Princess Cruises - Cruisemates Reader's Cruise Reviews
CruiseMates' Readers Cruise Reviews
Princess Cruises

Grand Princess
by Jack Holt
Western Caribbean
November 13, 2004

Itinerary

Galveston:The Port of Galveston has not developed the Cruise terminal embarkation facilities that have been promised. The terminal building is haphazard and crowded. Local parking lots are available on Santa Fe street for $45 for seven days. Your local travel agent can get you coupons. Shuttle bus is provided by the lot. The company we used was "E-Z Cruise Parking".

At Sea: The Seas were relatively calm throughout the trip. Short periods of a small amount of rolling but very slight.

Belize Belize is a small costal town with narrow streets and a shallow port. (ships have to anchor out) Passengers go ashore via launch boat. Prices are reasonable.

Costa Maya: This is a picturesque and beautiful coastal stop. Shop at the port. Town is $5 away by Taxi. When you return to the ship the "Mexicans" will not allow you to just walk down the dock to your ship. You have to pass through an I.D. check where they want to see your ship pass card and a picture I.D. then you must walk through their shopping mall building, which is very well stocked, before you return to your ship.

Grand Cayman: The Cayman Islands are highly over rated. Everything is sky high in cost and there are no good eating or relaxation restaurants along the shopping quarter downtown area. We went out on the glass bottom boat to see the reefs everyone is bragging about. The reefs are dead and lifeless, all brown and covered with pollution. this place is a dud.

Cozumel: Cozumel is a beautiful little island with lots to offer. The ship docked about 5 miles from the main downtown shopping area. We rented a two seater motor bike across from the terminal for 2 hours for $20. Then we rode all over and had fun.

At Sea:

Galveston:

The Ship
This ship shows a lot of wear. The claim that it was put into service in 1998 may or may not be true, but for just six years of service the ship needs attention. The carpets and all the surfaces show a lot of wear. The bright work in the elevators, theaters, rest rooms and lounges show salt tarnish from finger prints and general use. Some marble and glass floors are scarred, cracked and damaged from use and abuse. This ship is tremendously large and for the first few days you stay continuously lost and turned around. The main areas are on decks 5,6 and 7 amidships fully enclosed with no atrium, just a staircase. The elevators are slow and sluggish although there are lots of them. In every elevator lobby you are constantly confused as to where you are because the lobbies are not well marked. They all look the same whether you are in the "Forward", "Midships" or "Aft, Stern" lobby with one small sign on the wall telling you which floor you are on but not where you are located and all the print is small and hard to read. The paint on the exterior is beginning to peel and flake off at many locations. You can tell the management is not putting very much into maintenance. The "Cruise Director" was a big mouth blow hard with a strong British accent by the name of "Tim Donovan". This guy yells and hollers over all the load speakers like a raging bore daily telling passengers where to spend their money. The Bingo games are the biggest rip off game you've ever seen. 200 people in a theater paying 20 to 25 dollars a piece for bingo cards to have fun. They take in 4 to 5 thousand a session and give away $500 in prizes.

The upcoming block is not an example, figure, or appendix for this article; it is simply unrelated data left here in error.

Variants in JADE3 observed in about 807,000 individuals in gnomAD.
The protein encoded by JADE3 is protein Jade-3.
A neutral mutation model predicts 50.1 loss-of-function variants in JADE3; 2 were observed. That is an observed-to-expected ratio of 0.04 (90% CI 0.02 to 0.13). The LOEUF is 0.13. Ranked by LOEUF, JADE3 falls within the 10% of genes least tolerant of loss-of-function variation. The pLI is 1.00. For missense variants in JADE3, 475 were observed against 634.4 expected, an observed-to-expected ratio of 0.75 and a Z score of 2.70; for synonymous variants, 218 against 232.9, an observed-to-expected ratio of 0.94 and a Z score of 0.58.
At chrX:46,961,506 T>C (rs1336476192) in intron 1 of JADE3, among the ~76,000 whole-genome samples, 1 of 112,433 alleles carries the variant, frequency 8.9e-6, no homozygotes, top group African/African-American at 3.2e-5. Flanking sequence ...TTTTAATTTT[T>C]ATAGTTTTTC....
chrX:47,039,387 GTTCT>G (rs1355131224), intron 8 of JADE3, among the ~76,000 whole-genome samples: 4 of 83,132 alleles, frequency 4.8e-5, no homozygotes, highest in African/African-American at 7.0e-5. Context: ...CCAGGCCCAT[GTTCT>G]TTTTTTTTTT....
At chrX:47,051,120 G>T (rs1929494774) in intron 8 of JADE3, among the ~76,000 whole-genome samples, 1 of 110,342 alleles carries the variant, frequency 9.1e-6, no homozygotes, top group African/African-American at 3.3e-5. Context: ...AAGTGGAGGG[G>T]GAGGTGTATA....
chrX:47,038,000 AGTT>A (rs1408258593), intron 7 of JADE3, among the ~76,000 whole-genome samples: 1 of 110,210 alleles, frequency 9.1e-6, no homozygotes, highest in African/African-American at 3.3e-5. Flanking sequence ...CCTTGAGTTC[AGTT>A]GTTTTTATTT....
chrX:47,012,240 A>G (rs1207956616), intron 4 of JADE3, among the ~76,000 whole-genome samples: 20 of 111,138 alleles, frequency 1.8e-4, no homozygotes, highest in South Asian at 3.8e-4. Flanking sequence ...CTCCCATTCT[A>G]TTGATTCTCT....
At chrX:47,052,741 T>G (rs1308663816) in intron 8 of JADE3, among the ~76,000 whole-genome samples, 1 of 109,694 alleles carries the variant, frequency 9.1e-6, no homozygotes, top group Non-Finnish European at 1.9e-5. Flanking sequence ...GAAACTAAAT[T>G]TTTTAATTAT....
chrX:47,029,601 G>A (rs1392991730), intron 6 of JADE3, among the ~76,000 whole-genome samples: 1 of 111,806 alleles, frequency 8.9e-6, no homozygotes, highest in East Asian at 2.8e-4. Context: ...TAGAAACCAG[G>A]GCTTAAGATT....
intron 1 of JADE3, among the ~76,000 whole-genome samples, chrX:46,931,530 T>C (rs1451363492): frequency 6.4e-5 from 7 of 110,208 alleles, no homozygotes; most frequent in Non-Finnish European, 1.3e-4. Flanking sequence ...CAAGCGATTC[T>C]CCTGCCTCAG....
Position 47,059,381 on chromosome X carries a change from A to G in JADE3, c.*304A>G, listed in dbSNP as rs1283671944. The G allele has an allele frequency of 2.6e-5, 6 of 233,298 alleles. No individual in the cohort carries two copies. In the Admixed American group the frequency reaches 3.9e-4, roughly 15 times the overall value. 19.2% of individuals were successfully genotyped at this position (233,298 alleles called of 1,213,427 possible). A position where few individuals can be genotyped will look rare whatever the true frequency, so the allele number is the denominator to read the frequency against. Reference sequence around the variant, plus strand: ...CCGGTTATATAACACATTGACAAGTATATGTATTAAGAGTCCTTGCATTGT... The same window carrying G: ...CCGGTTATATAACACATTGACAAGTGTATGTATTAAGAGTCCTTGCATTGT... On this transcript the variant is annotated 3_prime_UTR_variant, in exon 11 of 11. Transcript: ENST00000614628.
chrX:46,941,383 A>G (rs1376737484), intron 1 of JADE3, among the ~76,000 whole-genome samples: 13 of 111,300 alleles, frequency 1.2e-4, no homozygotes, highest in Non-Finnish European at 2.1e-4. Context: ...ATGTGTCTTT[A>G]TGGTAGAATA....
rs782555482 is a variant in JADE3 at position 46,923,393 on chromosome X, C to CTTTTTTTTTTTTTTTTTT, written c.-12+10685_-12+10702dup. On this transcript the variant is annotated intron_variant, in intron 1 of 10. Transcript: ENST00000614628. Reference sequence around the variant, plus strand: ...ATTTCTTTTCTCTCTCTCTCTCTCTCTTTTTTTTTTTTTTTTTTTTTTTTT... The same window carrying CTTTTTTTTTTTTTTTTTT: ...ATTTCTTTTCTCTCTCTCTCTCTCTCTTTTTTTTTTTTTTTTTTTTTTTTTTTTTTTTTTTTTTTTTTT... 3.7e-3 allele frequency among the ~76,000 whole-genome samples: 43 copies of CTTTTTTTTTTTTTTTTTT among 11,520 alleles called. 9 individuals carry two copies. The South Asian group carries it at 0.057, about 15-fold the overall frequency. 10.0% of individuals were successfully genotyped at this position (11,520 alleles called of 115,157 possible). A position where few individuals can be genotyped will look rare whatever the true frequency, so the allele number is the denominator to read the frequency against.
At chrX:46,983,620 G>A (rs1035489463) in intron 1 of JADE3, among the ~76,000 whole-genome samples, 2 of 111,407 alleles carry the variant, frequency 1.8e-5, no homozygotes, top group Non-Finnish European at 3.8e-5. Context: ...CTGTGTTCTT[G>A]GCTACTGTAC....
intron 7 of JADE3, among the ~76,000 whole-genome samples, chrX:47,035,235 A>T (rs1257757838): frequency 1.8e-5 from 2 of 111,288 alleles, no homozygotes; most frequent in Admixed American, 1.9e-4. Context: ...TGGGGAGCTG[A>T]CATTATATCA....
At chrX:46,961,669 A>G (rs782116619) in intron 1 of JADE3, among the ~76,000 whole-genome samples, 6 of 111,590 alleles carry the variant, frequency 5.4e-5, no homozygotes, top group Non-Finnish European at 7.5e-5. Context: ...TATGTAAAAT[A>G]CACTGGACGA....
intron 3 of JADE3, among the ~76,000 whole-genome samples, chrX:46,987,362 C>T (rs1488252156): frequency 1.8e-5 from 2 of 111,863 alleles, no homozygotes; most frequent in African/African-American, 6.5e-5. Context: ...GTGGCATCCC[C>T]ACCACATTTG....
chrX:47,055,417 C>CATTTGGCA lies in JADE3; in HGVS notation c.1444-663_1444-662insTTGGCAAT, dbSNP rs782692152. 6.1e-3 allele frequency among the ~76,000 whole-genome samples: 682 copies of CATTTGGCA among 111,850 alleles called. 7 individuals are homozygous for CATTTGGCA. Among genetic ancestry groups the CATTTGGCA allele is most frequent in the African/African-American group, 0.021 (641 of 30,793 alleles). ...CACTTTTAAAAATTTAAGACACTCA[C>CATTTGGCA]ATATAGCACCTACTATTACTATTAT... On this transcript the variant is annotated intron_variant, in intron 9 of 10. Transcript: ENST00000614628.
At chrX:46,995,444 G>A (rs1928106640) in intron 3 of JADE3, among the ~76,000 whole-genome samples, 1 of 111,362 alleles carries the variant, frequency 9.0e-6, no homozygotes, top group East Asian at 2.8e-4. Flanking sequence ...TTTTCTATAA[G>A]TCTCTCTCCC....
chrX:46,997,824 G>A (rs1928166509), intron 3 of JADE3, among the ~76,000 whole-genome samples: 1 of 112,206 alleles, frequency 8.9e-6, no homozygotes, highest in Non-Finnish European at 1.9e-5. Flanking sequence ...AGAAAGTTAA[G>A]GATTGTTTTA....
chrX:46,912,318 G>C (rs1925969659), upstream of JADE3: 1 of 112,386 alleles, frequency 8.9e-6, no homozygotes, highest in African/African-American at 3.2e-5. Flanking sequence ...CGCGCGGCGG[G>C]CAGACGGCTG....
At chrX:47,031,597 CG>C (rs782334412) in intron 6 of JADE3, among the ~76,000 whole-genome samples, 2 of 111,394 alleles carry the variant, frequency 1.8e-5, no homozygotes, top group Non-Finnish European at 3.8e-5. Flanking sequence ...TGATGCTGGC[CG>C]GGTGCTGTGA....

Embarkation
This ship is as long as 3 football fields and holds 3000 passengers.(950 feet) The terminal was a madhouse with snaking lines of people for over an hour to get aboard. What an experience! If you don't like crowds your not going to like this. It is the Carnival Cruise Lines policy to add $10 per day per person to your room bill as a gratuity rip off as if you didn't have enough sense to do your own tipping. Therefore before you board they want you to give them a credit card number to bill your account so you can't refuse to pay this form of extortion. I chose the "Cash" option and refused to give them my credit card number.

The Cabin
Generally, rooms on a large ship are spacious and accommodating. Our room was an inside cabin and was large enough to be fairly comfortable. The mattresses for the queen size bed (two singles put together with a crack in the middle) were worn and marginal. Some large heavy person must have had mine because there was a large indentation in the middle of mine. The other mattress was normal. There were only two movie channels on the TV. The ships movie channel and the satellite channel "TNT". The satellite tracking system was sluggish and about every two seconds the screen would trash out and come back in two seconds later. This was continuous throughout the voyage. The ships movie channel was clear at all times but there was only one clear movie channel. All other channels were shopping or informational. They had CNN international news but it also had the same sat tracking problem.

After Boarding
After you arrive at your room a fire drill is immediately scheduled and it is mandatory for you to attend. This is for your personal knowledge and safety but the bad part is you have to stand in place and listen for a half hour to a pre-recorded "Captain's Message" in his broken English of redundant information and boring pointless sentences of things that you really don't need to know. There is only three things a person needs to know. #1. The whistle signal for life boat muster. #2. How to put on your life jacket. #3. Where your muster station is located. All other activities are supervised by the crew and officers.

Dining Rooms